Both families have set their seal to the marriage.
Origin
1175-1225
1175-1225; (noun) Middle English seel, seil(e), seale mark on a document, token < Old French seel (French sceau) < Late Latin *sigellum, Latin sigillum, diminutive of signum sign; replacing Middle English seil, Old English (in)segel seal < Late Latin, as above; (v.) sealen, seilen < Old French seeler, seieler, derivative of seel
Related forms
sealable, adjective
resealable, adjective
Can be confused
ceiling, sealing.
Dictionary.com Unabridged
Based on the Random House Dictionary, © Random House, Inc. 2014.
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British Dictionary definitions for sealed off

seal1

/siːl/
noun
1.
a device impressed on a piece of wax, moist clay, etc, fixed to a letter, document, etc, as a mark of authentication
2.
a stamp, ring, etc, engraved with a device to form such an impression
3.
a substance, esp wax, so placed over an envelope, document, etc, that it must be broken before the object can be opened or used
4.
any substance or device used to close or fasten tightly
5.
a material, such as putty or cement, that is used to close an opening to prevent the passage of air, water, etc
6.
a small amount of water contained in the trap of a drain to prevent the passage of foul smells
7.
an agent or device for keeping something hidden or secret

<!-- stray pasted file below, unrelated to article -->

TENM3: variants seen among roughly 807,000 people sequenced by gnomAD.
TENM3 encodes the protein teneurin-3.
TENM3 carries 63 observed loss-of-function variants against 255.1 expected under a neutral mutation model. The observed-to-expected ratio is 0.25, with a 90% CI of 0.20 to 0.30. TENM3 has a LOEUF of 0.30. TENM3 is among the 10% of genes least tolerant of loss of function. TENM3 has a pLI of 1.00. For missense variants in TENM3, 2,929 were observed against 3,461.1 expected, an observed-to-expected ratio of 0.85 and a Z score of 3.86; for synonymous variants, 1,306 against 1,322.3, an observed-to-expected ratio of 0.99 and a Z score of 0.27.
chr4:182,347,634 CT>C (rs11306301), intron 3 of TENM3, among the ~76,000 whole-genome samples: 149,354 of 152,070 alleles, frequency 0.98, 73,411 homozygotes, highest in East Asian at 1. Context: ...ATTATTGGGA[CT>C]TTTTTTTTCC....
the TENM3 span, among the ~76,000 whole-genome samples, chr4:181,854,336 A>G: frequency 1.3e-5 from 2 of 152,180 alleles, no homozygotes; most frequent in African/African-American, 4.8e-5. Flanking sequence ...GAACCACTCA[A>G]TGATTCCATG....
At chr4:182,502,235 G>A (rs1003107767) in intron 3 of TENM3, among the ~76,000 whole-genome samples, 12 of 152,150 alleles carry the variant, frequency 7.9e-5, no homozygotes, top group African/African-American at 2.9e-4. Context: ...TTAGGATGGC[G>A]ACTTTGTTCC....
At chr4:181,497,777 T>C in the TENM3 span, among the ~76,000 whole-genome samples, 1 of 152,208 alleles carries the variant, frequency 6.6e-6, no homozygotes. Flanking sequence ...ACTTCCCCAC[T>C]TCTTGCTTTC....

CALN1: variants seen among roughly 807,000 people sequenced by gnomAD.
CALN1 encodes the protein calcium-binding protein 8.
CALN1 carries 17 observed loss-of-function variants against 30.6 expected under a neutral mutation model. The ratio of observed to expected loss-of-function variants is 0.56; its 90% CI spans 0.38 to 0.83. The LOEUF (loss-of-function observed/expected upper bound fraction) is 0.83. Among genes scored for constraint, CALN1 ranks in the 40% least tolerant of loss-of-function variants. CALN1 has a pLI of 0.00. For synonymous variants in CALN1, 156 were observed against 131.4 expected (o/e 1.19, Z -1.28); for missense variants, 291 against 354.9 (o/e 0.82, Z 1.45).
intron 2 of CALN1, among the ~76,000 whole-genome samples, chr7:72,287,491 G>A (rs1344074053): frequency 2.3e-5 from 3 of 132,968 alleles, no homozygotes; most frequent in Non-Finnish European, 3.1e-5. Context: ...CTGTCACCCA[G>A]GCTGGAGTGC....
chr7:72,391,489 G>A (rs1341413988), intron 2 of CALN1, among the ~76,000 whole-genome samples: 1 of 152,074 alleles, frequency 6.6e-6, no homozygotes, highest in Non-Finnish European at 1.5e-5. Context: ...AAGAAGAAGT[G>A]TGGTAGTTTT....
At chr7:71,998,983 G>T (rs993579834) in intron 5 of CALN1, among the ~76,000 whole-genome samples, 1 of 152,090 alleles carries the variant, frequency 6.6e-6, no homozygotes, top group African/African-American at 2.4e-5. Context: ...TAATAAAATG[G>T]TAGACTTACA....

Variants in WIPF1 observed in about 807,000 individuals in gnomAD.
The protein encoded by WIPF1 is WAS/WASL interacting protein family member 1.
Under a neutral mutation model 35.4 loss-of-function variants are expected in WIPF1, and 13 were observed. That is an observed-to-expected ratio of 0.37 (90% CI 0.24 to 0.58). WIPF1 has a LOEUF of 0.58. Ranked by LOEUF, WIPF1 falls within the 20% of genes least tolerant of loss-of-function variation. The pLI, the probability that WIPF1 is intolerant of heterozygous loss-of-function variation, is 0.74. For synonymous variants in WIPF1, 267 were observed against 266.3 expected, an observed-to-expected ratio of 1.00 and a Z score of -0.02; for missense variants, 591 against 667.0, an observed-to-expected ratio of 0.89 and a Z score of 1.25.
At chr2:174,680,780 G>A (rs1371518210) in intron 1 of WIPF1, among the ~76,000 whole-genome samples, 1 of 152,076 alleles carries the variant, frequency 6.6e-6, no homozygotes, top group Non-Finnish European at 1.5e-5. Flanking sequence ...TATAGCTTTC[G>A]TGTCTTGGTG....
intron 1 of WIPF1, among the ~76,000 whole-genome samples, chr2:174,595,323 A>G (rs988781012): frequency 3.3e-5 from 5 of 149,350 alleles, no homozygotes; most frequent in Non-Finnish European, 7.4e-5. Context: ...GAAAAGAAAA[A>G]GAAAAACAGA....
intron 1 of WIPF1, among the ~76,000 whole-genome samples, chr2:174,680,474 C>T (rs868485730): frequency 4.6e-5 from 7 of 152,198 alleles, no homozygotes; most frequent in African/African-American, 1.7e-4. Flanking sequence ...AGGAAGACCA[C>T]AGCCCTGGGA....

8.
anything that gives a pledge or confirmation
9.
a decorative stamp often sold in aid of charity
10.
(RC Church) Also called seal of confession. the obligation never to reveal anything said by a penitent in confession
11.
set one's seal on, set one's seal to
  1. to mark with one's sign or seal
  2. to endorse
verb (transitive)
12.
to affix a seal to, as proof of authenticity
13.
to stamp with or as if with a seal
14.
to approve or authorize
15.
(sometimes foll by up) to close or secure with or as if with a seal: to seal one's lips, seal up a letter
16.
(foll by off) to enclose (a place) with a fence, wall, etc
17.
to decide irrevocably
18.
(Mormon Church) to make (a marriage or adoption) perpetually binding
19.
to subject (the outside of meat, etc) to fierce heat so as to retain the juices during cooking
20.
to close tightly so as to render airtight or watertight
21.
to paint (a porous material) with a nonporous coating
22.
(Austral & NZ) to consolidate (a road surface) with bitumen, tar, etc
Derived Forms
sealable, adjective
Word Origin
C13 seel, from Old French, from Latin sigillum little figure, from signum a sign

seal2

/siːl/
noun
1.
any pinniped mammal of the families Otariidae (eared seals) and Phocidae (earless seals) that are aquatic but come on shore to breed See eared seal, earless seal related adjectives otarid phocine